Dominion Voting Systems Employee Files Defamation Lawsuit Against Trump Campaign, Others

Dominion Voting Systems Employee Files Defamation Lawsuit Against Trump Campaign, Others
Trump lawyer and former New York City Mayor Rudy Giuliani speaks to media while flanked by lawyer Sidney Powell (L) and Trump campaign senior legal adviser Jenna Ellis at a press conference at the Republican National Committee headquarters in Washington on Nov 19, 2020. (Charlotte Cuthbertson/The Epoch Times)
Jack Phillips

A Dominion Voting Systems employee who was the subject to allegations and questions about whether he was connected to the militant leftist group Antifa is suing President Donald Trump's campaign, several other people, and news outlets.

Eric Coomer, a security executive who works at the Denver-based voting machine company, filed a lawsuit alleging that he was the victim of "false conspiracy theories."

"Defendants, by their actions, have elevated Dr. Coomer into the national spotlight, invaded his privacy, threatened his security, and fundamentally defamed his reputation across this country," the lawsuit said.

Coomer, in his suit (pdf) filed in Colorado on Tuesday, asserted that he was forced to leave his home for about a week after the presidential election.

"Today I have filed a lawsuit in Colorado in an effort to unwind as much of the damage as possible done to me, my family, my life, and my livelihood as a result of the numerous false public statements that I was somehow responsible for 'rigging' the 2020 presidential election," Coomer said in a statement after filing the lawsuit.

"The widespread dissemination of false conspiracy theories about the 2020 presidential election has had devastating consequences both for me personally and for many of the thousands of American election workers and officials, both Republican and Democratic, who put aside their political beliefs to run free, fair, and transparent elections. Elections are not about politics; they are about accurately tabulating legally cast votes," Coomer added.

Other than Trump's campaign, former New York Mayor Rudy Giuliani, lawyer Sidney Powell, The Gateway Pundit, Newsmax, OANN, OANN reporter Chanel Rion, and blogger Michelle Malkin were named in the suit.

The Epoch Times has reached out to the Trump campaign officials, Powell, Newsmax, OANN, and The Gateway Pundit for comment.

Dominion, meanwhile, has demanded that Powell retract statements she made about the company and its voting systems.

According to Coomer, a Colorado podcaster Joe Oltman—who was named in the lawsuit as well—claimed to have infiltrated a phone call with an Antifa group in Denver. A man named "Eric from Dominion," Oltman said, claimed to the other members: "Don't worry about the election. Trump is not going to win. I made effing sure of that."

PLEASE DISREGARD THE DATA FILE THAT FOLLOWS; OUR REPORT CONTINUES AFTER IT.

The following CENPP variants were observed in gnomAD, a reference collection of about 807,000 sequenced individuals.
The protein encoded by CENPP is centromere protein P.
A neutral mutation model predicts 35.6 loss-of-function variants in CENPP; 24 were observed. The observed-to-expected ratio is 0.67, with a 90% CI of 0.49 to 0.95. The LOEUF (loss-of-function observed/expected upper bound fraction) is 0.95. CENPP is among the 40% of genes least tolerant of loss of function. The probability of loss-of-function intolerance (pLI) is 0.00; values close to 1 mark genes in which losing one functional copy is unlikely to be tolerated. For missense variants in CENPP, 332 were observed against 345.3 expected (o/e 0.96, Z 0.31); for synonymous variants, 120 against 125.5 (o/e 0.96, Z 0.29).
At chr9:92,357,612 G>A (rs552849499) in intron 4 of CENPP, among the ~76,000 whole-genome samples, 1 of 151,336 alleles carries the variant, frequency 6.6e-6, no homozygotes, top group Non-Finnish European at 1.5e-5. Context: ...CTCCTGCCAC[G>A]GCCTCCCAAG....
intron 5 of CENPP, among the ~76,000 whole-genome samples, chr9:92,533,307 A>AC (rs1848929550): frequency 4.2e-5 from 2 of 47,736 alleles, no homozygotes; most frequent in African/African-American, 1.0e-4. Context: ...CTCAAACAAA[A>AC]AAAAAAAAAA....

Coomer said he doesn't have any ties with Antifa or other left-wing groups, adding that he was never involved in such a phone call.

"I have a personal political opinion. I may share that with friends and family, but I have never participated, or belonged to, any political groups, political action groups, social justice groups. I do not donate to political campaigns. I don't donate to any PACs or anything like that," he said, according to NPR.

A number of officials, poll observers, and even poll workers have said they've received threats during or after the Nov. 3 election. For instance, Trump lawyer Jenna Ellis last month said she received death threats and insults that she should be sexually assaulted for defending the president.

And in another example, Wayne County Board of Canvassers member William Hartmann said—like Coomer—he was forced to leave his home for a period of time.

“I was scared,” Hartmann, a Republican, told The Epoch Times on Tuesday. “[The police] actually had people stationed outside in different locations, watching, in case anything happened. They were there for three or four days.”

Hartmann and fellow Board member Monica Palmer said they received death threats and harassment after they initially refused to certify the results of the election last month.

“The news media went to my house and filmed the front of my house and my address,” Hartmann said. “And then my website was doxxed. And I got over 1,500 hate emails. And you got to then throw social media on top of that.”

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